Paul and Barnabas worked together in witnessing for Jesus. But they had a disagreement over whether they could trust one as fearful as John Mark (Acts 15:36-39). The potential dangers of preaching the Gospel had caused John Mark at one point to desert Paul and Barnabas and return home (Acts 13:13).
“This desertion caused Paul to judge Mark unfavorably, and even severely, for a time. Barnabas, on the other hand, was inclined to excuse him because of his inexperience. He felt anxious that Mark should not abandon the ministry, for he saw in him qualifications that would fit him to be a useful worker for Christ.” – Ellen G. White, The Acts of the Apostles, p. 170.
Although God used all these men, the issues between them needed resolution. The apostle who preached grace needed to extend grace to a young preacher who had disappointed him. The apostle of forgiveness needed to forgive. John Mark grew in the affirming mentorship of Barnabas (Acts 15:39), and, eventually, Paul’s heart was apparently touched by the changes.
How do Paul’s letters to Timothy and the church at Colosse reveal his renewed relationship with John Mark and a new confidence in this young preacher? Col. 4:10, Col. 4:11; 2 Tim. 4:11.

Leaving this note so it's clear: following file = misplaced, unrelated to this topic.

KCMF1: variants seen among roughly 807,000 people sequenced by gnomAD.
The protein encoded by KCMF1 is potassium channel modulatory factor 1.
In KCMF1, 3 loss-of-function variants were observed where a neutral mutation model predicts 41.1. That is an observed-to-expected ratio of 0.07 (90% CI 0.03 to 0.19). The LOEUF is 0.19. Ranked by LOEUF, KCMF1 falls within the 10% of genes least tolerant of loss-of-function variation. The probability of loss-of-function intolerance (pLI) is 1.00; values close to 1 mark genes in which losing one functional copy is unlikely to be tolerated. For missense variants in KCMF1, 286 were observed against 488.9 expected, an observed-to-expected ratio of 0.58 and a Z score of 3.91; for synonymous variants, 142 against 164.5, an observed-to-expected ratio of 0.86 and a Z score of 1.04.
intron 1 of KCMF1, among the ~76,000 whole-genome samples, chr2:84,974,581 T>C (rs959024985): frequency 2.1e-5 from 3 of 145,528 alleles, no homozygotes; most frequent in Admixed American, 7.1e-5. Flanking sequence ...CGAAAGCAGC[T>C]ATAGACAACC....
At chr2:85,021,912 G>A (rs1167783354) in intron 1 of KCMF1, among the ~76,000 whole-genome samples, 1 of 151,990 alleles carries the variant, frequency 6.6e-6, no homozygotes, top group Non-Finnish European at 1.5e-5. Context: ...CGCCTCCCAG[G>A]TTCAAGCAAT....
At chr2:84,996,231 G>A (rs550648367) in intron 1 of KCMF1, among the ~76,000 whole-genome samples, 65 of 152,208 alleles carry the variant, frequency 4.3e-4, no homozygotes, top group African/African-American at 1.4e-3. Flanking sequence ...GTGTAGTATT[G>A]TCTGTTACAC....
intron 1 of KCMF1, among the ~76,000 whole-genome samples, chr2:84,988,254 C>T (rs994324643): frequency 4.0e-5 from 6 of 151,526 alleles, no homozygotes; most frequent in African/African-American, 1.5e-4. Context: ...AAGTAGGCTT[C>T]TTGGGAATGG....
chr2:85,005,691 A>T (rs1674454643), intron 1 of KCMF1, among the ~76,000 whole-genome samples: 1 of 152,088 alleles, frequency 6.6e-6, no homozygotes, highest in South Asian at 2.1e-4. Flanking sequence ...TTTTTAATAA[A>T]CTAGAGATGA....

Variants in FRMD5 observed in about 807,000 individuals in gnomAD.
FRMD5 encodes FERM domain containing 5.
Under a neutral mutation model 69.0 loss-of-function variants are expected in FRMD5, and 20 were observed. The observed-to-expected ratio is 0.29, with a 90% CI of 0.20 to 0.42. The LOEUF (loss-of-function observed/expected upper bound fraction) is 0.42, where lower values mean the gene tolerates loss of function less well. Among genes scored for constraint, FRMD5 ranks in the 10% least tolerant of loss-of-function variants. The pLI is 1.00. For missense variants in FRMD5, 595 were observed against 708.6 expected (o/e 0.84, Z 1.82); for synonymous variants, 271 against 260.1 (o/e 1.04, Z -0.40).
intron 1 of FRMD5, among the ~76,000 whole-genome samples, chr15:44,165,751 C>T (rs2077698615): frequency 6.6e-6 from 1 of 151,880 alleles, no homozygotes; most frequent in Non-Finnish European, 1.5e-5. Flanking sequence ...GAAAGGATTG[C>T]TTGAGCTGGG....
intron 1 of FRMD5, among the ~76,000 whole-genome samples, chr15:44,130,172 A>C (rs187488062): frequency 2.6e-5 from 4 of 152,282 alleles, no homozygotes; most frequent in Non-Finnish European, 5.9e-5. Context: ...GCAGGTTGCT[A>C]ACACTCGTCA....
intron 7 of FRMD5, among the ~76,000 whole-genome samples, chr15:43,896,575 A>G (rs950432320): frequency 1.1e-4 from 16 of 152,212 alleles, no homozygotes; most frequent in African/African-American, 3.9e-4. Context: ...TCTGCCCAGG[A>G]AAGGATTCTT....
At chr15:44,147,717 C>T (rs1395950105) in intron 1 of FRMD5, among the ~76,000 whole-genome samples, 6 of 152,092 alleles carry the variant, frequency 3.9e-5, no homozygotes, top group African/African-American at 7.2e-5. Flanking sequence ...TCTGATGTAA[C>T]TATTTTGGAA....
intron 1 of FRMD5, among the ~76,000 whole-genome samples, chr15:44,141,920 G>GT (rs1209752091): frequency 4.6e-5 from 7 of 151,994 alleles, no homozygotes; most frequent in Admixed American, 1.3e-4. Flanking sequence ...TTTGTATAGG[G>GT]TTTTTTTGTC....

Although details of Paul’s reconciliation with John Mark may be sketchy, the biblical record is clear. John Mark became one of the apostle’s trusted companions. Paul highly recommended John Mark as a “fellow worker” to the church at Colosse. At the end of Paul’s life, he strongly encouraged Timothy to bring John Mark with him to Rome because he was “useful to me for ministry” (2 Tim. 4:11, NKJV). Paul’s ministry was enriched by the young preacher, whom he obviously had forgiven. The barrier between them had been broken down, and they were able to work together in the cause of the Gospel. Whatever the issues between them, and however justified Paul might have believed himself to be in regard to his earlier attitude toward John Mark, it was all behind him now.
|How can we learn to forgive those who have hurt or disappointed us? At the same time, why does forgiveness not always include a complete restoration of a previous relationship? Why does it not always need to?|